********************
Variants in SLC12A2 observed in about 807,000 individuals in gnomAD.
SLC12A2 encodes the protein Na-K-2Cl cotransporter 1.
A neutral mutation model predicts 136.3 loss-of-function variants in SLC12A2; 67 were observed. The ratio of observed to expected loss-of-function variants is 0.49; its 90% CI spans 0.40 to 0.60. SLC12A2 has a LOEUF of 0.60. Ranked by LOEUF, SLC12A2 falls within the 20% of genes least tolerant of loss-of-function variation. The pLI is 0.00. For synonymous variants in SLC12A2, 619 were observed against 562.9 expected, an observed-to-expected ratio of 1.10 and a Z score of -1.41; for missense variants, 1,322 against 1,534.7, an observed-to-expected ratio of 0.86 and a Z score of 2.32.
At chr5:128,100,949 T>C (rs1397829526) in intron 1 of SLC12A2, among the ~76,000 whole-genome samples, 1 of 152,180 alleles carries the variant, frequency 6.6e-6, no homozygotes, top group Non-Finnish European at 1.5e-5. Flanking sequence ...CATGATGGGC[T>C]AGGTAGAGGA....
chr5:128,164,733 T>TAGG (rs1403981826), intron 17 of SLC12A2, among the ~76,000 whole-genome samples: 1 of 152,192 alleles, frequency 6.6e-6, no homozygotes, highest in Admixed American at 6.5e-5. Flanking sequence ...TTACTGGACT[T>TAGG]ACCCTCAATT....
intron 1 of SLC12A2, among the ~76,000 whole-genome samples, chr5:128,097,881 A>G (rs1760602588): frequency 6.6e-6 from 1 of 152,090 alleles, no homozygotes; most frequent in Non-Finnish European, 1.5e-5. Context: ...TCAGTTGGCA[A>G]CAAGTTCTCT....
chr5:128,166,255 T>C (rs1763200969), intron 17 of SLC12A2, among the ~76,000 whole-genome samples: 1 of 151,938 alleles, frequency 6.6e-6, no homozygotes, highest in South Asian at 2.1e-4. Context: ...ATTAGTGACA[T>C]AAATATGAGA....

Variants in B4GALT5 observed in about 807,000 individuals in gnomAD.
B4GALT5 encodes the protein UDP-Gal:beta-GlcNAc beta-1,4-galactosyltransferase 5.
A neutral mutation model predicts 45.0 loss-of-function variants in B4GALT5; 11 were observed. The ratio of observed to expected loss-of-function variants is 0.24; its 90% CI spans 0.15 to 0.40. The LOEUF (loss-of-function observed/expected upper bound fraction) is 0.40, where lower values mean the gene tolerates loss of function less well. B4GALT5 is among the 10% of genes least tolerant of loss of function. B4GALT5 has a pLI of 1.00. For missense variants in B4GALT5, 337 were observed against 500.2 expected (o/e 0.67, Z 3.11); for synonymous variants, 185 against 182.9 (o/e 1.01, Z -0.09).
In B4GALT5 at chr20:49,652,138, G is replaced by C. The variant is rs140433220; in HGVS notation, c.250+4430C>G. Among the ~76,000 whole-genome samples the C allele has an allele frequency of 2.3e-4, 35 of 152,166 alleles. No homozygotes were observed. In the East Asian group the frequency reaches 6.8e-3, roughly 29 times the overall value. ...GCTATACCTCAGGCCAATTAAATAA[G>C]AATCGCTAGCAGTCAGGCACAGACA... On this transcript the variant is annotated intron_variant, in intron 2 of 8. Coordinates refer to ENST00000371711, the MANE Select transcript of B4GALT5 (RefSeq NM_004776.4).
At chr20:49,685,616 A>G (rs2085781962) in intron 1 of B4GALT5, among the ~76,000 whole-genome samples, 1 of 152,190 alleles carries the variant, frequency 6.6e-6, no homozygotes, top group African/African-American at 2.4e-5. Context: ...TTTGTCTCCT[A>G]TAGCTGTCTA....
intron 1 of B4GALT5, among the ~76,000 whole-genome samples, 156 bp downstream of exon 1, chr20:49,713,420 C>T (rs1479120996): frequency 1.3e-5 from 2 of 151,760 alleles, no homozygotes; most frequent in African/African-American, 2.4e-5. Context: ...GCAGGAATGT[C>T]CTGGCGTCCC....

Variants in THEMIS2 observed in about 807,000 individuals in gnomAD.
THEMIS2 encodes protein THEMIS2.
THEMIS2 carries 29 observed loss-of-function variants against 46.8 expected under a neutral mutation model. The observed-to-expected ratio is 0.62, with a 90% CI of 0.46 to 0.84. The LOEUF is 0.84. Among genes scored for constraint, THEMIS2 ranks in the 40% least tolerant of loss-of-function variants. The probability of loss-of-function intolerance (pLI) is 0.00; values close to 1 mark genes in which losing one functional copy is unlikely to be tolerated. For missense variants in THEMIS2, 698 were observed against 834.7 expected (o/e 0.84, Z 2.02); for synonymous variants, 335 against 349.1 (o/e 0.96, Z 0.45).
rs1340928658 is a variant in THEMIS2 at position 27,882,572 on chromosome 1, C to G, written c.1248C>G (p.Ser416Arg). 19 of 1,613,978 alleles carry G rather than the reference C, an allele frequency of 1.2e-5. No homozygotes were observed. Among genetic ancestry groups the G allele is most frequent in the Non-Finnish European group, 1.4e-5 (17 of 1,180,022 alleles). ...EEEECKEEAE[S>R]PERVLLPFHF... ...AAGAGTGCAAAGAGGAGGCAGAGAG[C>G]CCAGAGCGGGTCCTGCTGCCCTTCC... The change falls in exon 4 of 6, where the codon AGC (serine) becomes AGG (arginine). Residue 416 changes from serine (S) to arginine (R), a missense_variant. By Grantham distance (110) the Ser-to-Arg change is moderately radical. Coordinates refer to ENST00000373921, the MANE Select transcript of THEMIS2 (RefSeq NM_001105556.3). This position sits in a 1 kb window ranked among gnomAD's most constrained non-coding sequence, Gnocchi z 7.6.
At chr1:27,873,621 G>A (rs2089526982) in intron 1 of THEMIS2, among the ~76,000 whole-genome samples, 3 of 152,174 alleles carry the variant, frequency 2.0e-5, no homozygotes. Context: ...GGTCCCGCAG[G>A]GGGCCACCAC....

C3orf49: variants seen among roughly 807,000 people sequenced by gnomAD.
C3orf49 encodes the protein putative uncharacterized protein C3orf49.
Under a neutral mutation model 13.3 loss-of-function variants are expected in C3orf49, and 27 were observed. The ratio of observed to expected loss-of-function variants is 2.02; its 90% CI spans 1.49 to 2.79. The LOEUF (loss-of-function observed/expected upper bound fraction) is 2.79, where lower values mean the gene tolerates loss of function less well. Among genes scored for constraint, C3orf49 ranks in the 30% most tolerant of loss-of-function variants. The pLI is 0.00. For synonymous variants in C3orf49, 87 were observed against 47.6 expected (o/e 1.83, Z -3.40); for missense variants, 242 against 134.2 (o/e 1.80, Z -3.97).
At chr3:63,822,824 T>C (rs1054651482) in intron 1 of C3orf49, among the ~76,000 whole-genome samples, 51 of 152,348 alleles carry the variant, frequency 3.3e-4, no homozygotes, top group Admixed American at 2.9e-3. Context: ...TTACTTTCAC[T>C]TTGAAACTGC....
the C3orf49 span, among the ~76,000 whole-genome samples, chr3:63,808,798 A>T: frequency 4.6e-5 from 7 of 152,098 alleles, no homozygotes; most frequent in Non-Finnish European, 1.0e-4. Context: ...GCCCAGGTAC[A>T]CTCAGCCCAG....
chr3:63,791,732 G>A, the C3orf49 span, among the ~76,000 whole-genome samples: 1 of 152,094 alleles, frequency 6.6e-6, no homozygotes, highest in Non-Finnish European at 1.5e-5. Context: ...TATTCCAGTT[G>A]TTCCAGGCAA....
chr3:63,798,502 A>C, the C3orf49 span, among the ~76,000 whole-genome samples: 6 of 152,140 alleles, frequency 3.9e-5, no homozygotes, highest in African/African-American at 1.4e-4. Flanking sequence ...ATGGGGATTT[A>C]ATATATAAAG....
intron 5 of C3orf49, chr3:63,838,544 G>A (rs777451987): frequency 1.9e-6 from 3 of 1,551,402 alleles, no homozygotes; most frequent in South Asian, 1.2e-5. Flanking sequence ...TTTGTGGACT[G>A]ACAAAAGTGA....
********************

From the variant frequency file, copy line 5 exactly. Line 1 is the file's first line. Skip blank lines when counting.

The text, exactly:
chr5:128,164,733 T>TAGG (rs1403981826), intron 17 of SLC12A2, among the ~76,000 whole-genome samples: 1 of 152,192 alleles, frequency 6.6e-6, no homozygotes, highest in Admixed American at 6.5e-5. Flanking sequence ...TTACTGGACT[T>TAGG]ACCCTCAATT....